Google use software called spiders that travel from website to website, remembering what's on each page and how the pages link to each other. Google has a massive database of about eight billion web pages and when people search for keywords, it compares them with its database of web pages and produces a list of matching pages.

Google uses a complicated set of criteria to judge which web pages rate highest in its listings. Factors that boost your rating include having the search words: in your domain name; in your title and description tags; in your headings; or elsewhere in the text of your page. That's why good web design is important. But above all Google rates your website highly if other websites link to yours, especially where those websites are on a similar topic to yours and are highly ranked themselves. Google has more advice for web designers at www.google.co.uk/webmasters.

Get links from other websites

Links to your site from other sites will boost your rating in search engines. Also, you want people who visit similar websites to cross over to yours. So put aside some time to build links with other organisations' websites in your field of work.

Go to any search engine and search for whatever words you think describe your sort of organisation. For each website listed on the first page of results, consider asking them to link to your own site. Make a note of their website editor's email address and send them a short message, politely asking them to create a link to your website.

Then make a list of every voluntary and statutory organisation you work with and ask them to link to you. Ask your local council and CVS to link to you. At any time, you can check how many websites link to you by typing link:www.yourdomain.org.uk into most search engines.

Maybe your site has quality information that merits a mention on wikipedia, a collaboratively written online encyclopaedia. If so, visit the site and you'll find that you can edit any of the entries to add a link to your own website.

Who should do site promotion?

When you commission your website the designer may quote an amount for website promotion, often for as much as £500. There are also companies you can pay to submit your website address to hundreds of search engines. However, you can do this all yourself. It takes only an hour or so to submit your site to the main search engines, and building links requires specialist knowledge of your field, so the best person to promote your site is you.

Marketing your website

If your organisation has a marketing strategy, make sure the website is part of it.

Get some free advertising by signing up to Google Grants. You may have noticed adverts appearing in a column beside Google's standard search results; these ads are now available free to registered charities.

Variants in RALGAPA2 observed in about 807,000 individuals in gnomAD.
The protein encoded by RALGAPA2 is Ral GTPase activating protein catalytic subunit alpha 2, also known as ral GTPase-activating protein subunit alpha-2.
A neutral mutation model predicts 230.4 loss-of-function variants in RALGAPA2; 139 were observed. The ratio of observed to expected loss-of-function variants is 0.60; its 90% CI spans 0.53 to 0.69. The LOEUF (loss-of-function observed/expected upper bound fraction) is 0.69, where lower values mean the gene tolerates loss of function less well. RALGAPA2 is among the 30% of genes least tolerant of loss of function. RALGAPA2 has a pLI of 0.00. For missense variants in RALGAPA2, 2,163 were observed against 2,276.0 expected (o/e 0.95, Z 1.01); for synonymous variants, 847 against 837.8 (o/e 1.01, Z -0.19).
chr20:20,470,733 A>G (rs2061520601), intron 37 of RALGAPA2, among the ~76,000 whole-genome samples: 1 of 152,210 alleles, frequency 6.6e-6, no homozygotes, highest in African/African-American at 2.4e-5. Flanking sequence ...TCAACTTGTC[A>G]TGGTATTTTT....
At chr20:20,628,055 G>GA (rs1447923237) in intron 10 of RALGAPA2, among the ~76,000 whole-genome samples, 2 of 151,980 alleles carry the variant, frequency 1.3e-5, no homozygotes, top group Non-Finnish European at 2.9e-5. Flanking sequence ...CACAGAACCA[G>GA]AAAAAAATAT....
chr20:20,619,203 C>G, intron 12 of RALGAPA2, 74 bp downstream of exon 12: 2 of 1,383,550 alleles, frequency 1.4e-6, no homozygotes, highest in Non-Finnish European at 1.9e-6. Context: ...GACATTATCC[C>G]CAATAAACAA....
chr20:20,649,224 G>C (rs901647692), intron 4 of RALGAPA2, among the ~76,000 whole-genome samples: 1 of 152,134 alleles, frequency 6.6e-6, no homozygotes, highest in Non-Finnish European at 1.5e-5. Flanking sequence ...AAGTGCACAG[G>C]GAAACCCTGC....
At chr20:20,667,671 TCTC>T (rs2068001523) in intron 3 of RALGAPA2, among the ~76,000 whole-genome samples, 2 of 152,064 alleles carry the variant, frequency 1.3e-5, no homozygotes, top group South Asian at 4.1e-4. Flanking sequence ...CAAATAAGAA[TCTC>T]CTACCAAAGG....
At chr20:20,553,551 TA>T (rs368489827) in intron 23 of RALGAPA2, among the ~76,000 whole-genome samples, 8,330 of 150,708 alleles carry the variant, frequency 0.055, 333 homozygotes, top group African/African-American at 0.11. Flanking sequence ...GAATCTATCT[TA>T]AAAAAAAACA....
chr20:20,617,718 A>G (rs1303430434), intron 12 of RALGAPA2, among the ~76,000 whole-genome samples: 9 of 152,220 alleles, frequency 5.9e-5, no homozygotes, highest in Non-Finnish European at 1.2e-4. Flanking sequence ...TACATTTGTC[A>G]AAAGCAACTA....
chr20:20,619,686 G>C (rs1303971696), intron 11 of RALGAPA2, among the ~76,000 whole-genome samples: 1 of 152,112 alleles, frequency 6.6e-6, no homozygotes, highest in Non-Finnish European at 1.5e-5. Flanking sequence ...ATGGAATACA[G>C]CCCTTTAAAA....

Tell everyone about your website. At the very least put your domain name on all your organisation's business cards, newsletters, reports, stationery and staff email signatures. At the end of your ansaphone message tell out-of-hours callers they can find information on your website. Send a poster to local libraries. Send postcards to your members. Have display boards and a rollup banner made to carry to outside events. If your charity owns a minibus put the website address on its side.

Have a launch event for your website and send a press release to the papers. Getting your website mentioned in magazines and especially on radio or televison will really boost your web stats.

You could put content on the Internet but not within your own website, to attract the widest audience. If you have a promotional video, set up a free account with YouTube and put it online with a link back to your website, especially if your target group is teenage. Find out which websites your client group use and start using them yourself.

Word of mouth made many websites successful. Find out about online messageboards and email lists in your field of work. It's impolite to use these services just to plug your website, but engage others in conversation and ensure your web address appears in every message.

A final question for you: if your website becomes very popular, will you write new content and update the site more regularly? Can you cope with an increase in enquiries? Will you move any services online? Will it change the way you work? With success come new challenges.

Copyright © 2006 Jason King

Some rights reserved

This work is licensed under a Creative Commons Attribution-NonCommercial-NoDerivs 2.0 UK: England & Wales License.